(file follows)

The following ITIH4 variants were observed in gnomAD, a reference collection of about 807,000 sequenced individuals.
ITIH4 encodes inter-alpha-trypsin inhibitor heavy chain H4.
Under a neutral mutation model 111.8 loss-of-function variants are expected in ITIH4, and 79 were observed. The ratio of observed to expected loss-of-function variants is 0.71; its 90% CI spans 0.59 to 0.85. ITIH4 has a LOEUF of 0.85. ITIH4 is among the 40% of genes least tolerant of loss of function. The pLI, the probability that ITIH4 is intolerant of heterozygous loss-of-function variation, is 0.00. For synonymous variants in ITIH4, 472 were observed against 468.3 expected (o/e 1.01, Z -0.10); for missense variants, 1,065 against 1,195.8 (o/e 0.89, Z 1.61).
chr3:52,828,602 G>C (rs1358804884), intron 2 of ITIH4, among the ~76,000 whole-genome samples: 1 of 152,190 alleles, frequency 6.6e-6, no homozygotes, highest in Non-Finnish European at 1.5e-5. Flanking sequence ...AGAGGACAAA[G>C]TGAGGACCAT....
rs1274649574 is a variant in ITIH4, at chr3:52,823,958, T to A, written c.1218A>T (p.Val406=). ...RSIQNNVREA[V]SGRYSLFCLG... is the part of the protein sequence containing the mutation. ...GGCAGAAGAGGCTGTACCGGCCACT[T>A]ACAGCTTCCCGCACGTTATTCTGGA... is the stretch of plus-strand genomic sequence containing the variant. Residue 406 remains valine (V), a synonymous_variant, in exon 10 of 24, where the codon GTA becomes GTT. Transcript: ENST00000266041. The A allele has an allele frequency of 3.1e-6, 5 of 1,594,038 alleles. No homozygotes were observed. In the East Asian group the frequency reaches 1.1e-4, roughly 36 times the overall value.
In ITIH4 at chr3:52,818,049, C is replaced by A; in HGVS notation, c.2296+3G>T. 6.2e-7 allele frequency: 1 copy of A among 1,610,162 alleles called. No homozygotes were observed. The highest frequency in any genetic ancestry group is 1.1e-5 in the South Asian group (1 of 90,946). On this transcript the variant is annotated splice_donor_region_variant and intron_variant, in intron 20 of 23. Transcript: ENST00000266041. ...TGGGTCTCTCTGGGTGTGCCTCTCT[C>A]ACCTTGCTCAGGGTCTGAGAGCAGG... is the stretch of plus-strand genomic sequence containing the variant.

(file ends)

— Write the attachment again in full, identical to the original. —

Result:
The following ITIH4 variants were observed in gnomAD, a reference collection of about 807,000 sequenced individuals.
ITIH4 encodes inter-alpha-trypsin inhibitor heavy chain H4.
Under a neutral mutation model 111.8 loss-of-function variants are expected in ITIH4, and 79 were observed. The ratio of observed to expected loss-of-function variants is 0.71; its 90% CI spans 0.59 to 0.85. ITIH4 has a LOEUF of 0.85. ITIH4 is among the 40% of genes least tolerant of loss of function. The pLI, the probability that ITIH4 is intolerant of heterozygous loss-of-function variation, is 0.00. For synonymous variants in ITIH4, 472 were observed against 468.3 expected (o/e 1.01, Z -0.10); for missense variants, 1,065 against 1,195.8 (o/e 0.89, Z 1.61).
chr3:52,828,602 G>C (rs1358804884), intron 2 of ITIH4, among the ~76,000 whole-genome samples: 1 of 152,190 alleles, frequency 6.6e-6, no homozygotes, highest in Non-Finnish European at 1.5e-5. Flanking sequence ...AGAGGACAAA[G>C]TGAGGACCAT....
rs1274649574 is a variant in ITIH4, at chr3:52,823,958, T to A, written c.1218A>T (p.Val406=). ...RSIQNNVREA[V]SGRYSLFCLG... is the part of the protein sequence containing the mutation. ...GGCAGAAGAGGCTGTACCGGCCACT[T>A]ACAGCTTCCCGCACGTTATTCTGGA... is the stretch of plus-strand genomic sequence containing the variant. Residue 406 remains valine (V), a synonymous_variant, in exon 10 of 24, where the codon GTA becomes GTT. Transcript: ENST00000266041. The A allele has an allele frequency of 3.1e-6, 5 of 1,594,038 alleles. No homozygotes were observed. In the East Asian group the frequency reaches 1.1e-4, roughly 36 times the overall value.
In ITIH4 at chr3:52,818,049, C is replaced by A; in HGVS notation, c.2296+3G>T. 6.2e-7 allele frequency: 1 copy of A among 1,610,162 alleles called. No homozygotes were observed. The highest frequency in any genetic ancestry group is 1.1e-5 in the South Asian group (1 of 90,946). On this transcript the variant is annotated splice_donor_region_variant and intron_variant, in intron 20 of 23. Transcript: ENST00000266041. ...TGGGTCTCTCTGGGTGTGCCTCTCT[C>A]ACCTTGCTCAGGGTCTGAGAGCAGG... is the stretch of plus-strand genomic sequence containing the variant.